In professional wrestling parlance, a "squash" is a blatantly lopsided match. Usually short in length and painful looking, a squash establishes the winner as an unbreakable monster. Often, a booker will place a title contender in multiple squash matches to demonstrate that he or she is a legitimate threat to the champion.
As for the loser of a squash match? His job is to look like a chump; the worse he looks, the better his opponent looks. And some wrestlers, like the Brooklyn Brawler, have made a career out of consistently losing and putting over their opponents.
Here are 7 of the most embarrassingly one-sided matches in WWE history. We're not including the matches where the loser showed some resilience and grit, like John Cena vs. Brock Lesnar at Summerslam 2014. We're also not including matches like Daniel Bryan vs. Sheamus at Wrestlemania 28 or Goldberg vs. Brock Lesnar at Survivor Series 2016; these should have been competitive, back-and-forth fights, but they ended in some flukey, auspicious manner.
The matches in this gallery are the humiliating ones--the matches that already looked horrible on paper--where the loser was reduced to a joke.
1. The Rock vs. Erick Rowan
The Rock was not advertised as an in-ring performer for Wrestlemania 32. But midway through his promo at the pay-per-view, the lights went out and the Wyatt Family stalked to the ring.
The Rock has a selfish tendency to verbally insult his opponents over things that are true. This is considered poor form in professional wrestling because a promo is supposed to promote a "must-see" match. If you make your opponent look like a fool, who's going to pay money to see him fight?
Instead of putting the Wyatt Family over as a trio of scary cult followers, Rock referred to Bray Wyatt, the "Eater of Worlds," as the "Eater of Hot Pockets," and he referred to Erick Rowan and Braun Strowman as "inbred Duck Dynasty b****es."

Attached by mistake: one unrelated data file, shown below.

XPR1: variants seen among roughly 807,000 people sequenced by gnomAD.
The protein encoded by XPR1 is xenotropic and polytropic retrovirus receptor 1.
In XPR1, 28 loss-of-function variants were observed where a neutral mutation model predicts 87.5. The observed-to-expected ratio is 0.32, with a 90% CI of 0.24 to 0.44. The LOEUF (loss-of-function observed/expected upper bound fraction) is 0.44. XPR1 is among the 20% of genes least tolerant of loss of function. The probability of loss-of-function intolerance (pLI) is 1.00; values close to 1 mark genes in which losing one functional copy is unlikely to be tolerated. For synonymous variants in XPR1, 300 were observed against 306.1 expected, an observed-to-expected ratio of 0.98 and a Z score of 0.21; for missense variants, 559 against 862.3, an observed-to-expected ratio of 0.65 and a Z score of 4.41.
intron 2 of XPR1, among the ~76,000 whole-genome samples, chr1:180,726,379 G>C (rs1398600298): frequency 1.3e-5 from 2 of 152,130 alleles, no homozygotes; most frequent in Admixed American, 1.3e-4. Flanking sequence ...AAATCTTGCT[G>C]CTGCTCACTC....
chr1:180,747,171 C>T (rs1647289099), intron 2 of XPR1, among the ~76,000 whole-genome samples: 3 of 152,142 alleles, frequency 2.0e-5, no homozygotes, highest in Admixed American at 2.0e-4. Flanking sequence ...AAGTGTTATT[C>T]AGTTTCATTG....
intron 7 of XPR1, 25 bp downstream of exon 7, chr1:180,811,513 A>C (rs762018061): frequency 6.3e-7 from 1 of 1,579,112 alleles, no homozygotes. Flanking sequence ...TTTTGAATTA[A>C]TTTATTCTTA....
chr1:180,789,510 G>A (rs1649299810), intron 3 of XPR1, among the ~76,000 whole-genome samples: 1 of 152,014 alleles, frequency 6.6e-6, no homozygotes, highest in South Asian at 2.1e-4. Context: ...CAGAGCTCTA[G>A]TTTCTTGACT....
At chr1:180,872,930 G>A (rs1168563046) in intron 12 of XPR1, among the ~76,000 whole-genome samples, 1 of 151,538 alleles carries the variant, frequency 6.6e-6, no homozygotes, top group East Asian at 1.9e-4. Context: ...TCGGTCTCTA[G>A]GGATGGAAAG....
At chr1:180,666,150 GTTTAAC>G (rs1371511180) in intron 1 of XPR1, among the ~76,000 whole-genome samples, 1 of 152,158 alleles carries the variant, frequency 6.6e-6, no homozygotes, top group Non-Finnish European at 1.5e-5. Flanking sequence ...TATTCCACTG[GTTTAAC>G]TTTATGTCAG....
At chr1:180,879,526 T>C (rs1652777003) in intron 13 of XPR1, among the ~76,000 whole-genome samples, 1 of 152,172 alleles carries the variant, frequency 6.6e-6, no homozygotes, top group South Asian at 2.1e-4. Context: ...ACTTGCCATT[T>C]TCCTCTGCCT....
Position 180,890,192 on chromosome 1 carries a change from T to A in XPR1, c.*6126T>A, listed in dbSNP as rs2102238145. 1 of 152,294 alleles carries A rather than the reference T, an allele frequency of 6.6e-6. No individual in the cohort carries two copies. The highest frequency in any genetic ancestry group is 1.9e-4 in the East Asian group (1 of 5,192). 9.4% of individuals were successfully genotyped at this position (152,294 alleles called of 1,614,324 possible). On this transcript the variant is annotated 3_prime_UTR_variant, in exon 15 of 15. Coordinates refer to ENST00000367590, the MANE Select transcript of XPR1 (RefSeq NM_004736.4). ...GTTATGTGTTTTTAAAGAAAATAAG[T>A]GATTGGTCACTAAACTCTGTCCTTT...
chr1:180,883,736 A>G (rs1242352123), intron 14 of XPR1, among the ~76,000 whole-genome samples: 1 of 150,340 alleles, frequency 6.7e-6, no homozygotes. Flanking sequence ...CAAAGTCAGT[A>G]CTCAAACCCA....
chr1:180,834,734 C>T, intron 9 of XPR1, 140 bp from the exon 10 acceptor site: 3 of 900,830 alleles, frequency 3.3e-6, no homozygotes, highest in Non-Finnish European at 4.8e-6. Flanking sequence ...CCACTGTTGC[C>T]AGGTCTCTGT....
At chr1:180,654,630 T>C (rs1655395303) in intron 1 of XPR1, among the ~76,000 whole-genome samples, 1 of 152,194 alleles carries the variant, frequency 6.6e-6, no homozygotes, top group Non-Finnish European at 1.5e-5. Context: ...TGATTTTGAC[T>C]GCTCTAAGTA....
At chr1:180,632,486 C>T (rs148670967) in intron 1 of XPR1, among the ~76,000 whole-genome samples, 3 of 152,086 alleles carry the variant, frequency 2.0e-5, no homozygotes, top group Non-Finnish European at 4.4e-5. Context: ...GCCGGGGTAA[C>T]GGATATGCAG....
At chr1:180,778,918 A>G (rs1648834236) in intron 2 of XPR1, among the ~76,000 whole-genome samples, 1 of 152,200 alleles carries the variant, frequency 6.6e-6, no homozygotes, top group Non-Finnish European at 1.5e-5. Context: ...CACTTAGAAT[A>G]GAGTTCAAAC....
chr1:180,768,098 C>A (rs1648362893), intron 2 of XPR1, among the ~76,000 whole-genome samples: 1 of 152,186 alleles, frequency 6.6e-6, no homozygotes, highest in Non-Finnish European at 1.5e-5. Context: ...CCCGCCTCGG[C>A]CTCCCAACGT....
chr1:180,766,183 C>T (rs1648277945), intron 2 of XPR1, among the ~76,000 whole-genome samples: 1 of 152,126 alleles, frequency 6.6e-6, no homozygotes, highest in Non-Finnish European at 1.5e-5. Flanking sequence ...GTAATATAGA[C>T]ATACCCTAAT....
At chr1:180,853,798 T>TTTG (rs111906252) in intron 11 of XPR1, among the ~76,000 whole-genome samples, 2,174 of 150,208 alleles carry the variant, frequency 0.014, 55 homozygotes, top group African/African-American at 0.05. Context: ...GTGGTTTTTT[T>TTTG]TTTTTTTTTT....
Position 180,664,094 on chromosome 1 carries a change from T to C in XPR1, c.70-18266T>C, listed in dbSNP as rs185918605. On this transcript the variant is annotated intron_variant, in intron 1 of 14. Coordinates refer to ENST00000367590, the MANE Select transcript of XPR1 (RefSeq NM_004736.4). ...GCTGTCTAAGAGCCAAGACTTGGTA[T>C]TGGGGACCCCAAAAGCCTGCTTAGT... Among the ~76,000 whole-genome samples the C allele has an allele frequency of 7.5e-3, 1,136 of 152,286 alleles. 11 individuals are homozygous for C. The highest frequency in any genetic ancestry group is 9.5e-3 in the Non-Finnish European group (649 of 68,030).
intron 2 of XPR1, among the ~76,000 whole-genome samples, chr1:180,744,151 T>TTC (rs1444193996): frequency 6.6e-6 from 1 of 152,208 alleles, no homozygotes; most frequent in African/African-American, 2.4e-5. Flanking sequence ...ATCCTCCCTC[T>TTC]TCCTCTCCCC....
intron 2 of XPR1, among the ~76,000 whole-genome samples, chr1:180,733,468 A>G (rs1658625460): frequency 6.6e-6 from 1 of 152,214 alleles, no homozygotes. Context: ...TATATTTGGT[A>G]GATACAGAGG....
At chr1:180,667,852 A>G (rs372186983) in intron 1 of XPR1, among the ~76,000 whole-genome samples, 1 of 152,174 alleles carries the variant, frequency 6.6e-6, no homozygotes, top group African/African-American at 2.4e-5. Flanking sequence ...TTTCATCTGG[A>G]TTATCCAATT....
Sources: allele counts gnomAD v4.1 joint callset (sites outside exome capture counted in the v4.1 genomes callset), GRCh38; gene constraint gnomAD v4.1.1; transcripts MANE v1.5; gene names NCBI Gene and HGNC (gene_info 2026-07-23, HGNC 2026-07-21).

He then proceeded to Rock Bottom and pin Rowan in six seconds--a WrestleMania record. On his podcast, "Stone Cold" Steve Austin expressed his sympathy for Rowan, who was placed in a difficult situation that gained him nothing.
"It didn’t do anything for The Rock," said Austin. "It certainly didn’t do anything for Rowan, so what’s the deal? I don’t think the match needed to happen. It was not of consequence."
Bob Backlund was a beloved, decorated WWE Champion, whose prime lasted from the late-'70s to the mid-'80s. In the mid-'90s, Backlund returned to the active roster, this time as a deranged heel who would snap over perceived insults and assault people.
At Survivor Series 1994, Backlund beat Bret Hart to win the WWE Championship after Bret's brother, Owen Hart, interfered in the match and guilted their mother to throw in the towel. But make no mistake; there was no way that Backlund, at his age and with his current gimmick, looked or acted like a dominant world champion. Three days later, he faced Diesel in a title match at WWE's spiritual home, Madison Square Garden.
Just look at the above photo. Is there any doubt of who would or should win this? Diesel kicked Backlund in the stomach, Jackknifed him, and pinned him to clinch the title. It only took eight seconds.
It was humiliating for Backlund, but the old veteran sold his beating like a professional. According to Diesel, he crawled up the aisle to the dressing room to demonstrate his pain. Diesel was very grateful for that.
3. Brock Lesnar vs. Zach Gowen
When Brock Lesnar debuted in 2002, WWE Creative booked him to be a monster, and he drew a ton of heat by destroying beloved, significantly smaller babyfaces like Jeff and Matt Hardy. But this match between Lesnar and Zach Gowen seemed extremely classless, even by early-'00s WWE standards. Not only was Gowen as skinny as a twig, but he only had one leg--the result of an amputation due to cancer.